The beneficial effects of Tai Chi on the cardiovascular risk profile and the migraine trigger factors among female migraineurs remain unknown. This study aimed to evaluate the effectiveness of a 12-week Tai Chi training on blood pressure (BP) and migraine-related trigger factors, including stress, fatigue, and sleep quality among Chinese women with episodic migraine.
In this study, eligible Hong Kong Chinese women aged 18-65 years were randomly assigned to the Tai Chi group adopting a modified 33-short form of Yang style Tai Chi training for 12 weeks, followed by additional 12 weeks of self-practice or the waiting list control group that maintained the usual lifestyle for 24 weeks. The primary outcome was the changes in BP from the baseline to 12 and 24 weeks.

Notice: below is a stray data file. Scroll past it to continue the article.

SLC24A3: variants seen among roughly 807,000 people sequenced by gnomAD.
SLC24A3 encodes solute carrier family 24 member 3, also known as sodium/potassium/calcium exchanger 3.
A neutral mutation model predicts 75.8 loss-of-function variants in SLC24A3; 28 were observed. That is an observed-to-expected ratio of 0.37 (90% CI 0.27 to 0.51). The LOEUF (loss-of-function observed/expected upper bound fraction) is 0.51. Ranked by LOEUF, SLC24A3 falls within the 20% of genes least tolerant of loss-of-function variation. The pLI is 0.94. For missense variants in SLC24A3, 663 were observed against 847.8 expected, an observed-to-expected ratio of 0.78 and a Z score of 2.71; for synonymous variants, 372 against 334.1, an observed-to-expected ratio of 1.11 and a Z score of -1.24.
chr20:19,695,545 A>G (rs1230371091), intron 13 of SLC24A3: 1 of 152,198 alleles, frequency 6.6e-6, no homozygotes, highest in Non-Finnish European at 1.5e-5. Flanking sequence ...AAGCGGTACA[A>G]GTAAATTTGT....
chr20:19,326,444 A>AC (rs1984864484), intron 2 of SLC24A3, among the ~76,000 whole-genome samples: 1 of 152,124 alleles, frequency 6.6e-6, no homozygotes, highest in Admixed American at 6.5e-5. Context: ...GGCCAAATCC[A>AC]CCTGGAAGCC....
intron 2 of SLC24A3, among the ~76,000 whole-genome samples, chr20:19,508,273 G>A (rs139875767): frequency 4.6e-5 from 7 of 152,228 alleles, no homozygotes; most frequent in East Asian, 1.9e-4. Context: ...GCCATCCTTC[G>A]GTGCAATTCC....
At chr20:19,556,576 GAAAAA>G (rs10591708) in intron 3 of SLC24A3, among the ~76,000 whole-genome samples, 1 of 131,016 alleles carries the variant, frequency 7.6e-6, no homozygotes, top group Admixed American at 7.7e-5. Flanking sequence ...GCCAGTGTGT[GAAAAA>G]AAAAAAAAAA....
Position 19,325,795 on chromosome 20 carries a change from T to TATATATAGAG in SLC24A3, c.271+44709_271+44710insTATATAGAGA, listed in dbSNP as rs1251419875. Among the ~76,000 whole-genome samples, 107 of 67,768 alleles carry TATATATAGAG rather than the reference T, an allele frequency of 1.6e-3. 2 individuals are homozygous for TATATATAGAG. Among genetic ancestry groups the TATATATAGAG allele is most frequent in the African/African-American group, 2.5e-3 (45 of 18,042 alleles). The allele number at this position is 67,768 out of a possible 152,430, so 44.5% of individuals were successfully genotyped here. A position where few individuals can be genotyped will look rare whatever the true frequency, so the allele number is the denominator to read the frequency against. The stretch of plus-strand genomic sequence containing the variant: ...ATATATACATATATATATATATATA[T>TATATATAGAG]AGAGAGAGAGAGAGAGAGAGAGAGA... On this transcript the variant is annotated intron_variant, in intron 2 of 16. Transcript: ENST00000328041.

The secondary outcomes included the stress level, fatigue, and sleep quality measured by the perceived stress scale (PSS), the numeric rating scale-fatigue (NRS-fatigue), and the Pittsburgh sleep quality index (PSQI), respectively.
Significant between-group differences were found in systolic BP (-6.8 mmHg at 24 weeks, P=0.02), and a decreasing trend was significant across baseline, 12 weeks, and 24 weeks between groups (P < 0.05).
The 12-week Tai Chi training significantly reduced the BP level and moderately improved stress level, fatigue status, and sleep quality among Chinese women with episodic migraine.
Therefore, Tai Chi could be considered a promising mind-body exercise with good feasibility for migraineurs in the future.